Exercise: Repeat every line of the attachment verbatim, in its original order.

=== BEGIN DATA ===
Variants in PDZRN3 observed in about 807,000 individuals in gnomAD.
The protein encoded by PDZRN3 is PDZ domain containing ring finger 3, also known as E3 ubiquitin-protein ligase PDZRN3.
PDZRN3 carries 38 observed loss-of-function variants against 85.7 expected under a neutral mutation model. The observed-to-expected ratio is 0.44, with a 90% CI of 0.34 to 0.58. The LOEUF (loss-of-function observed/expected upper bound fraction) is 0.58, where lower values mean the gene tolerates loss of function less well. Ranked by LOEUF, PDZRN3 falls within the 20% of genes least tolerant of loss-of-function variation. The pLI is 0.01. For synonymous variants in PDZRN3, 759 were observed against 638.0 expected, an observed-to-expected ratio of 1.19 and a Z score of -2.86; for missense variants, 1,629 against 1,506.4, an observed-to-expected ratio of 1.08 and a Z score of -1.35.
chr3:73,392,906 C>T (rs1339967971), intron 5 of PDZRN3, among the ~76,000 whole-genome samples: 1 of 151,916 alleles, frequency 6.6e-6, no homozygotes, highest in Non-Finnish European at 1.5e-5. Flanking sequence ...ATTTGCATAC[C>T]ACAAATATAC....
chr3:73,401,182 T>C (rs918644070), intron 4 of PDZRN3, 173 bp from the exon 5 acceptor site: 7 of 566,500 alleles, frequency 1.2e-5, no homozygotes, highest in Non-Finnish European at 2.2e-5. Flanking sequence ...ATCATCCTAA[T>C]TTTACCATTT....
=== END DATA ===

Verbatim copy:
Variants in PDZRN3 observed in about 807,000 individuals in gnomAD.
The protein encoded by PDZRN3 is PDZ domain containing ring finger 3, also known as E3 ubiquitin-protein ligase PDZRN3.
PDZRN3 carries 38 observed loss-of-function variants against 85.7 expected under a neutral mutation model. The observed-to-expected ratio is 0.44, with a 90% CI of 0.34 to 0.58. The LOEUF (loss-of-function observed/expected upper bound fraction) is 0.58, where lower values mean the gene tolerates loss of function less well. Ranked by LOEUF, PDZRN3 falls within the 20% of genes least tolerant of loss-of-function variation. The pLI is 0.01. For synonymous variants in PDZRN3, 759 were observed against 638.0 expected, an observed-to-expected ratio of 1.19 and a Z score of -2.86; for missense variants, 1,629 against 1,506.4, an observed-to-expected ratio of 1.08 and a Z score of -1.35.
chr3:73,392,906 C>T (rs1339967971), intron 5 of PDZRN3, among the ~76,000 whole-genome samples: 1 of 151,916 alleles, frequency 6.6e-6, no homozygotes, highest in Non-Finnish European at 1.5e-5. Flanking sequence ...ATTTGCATAC[C>T]ACAAATATAC....
chr3:73,401,182 T>C (rs918644070), intron 4 of PDZRN3, 173 bp from the exon 5 acceptor site: 7 of 566,500 alleles, frequency 1.2e-5, no homozygotes, highest in Non-Finnish European at 2.2e-5. Flanking sequence ...ATCATCCTAA[T>C]TTTACCATTT....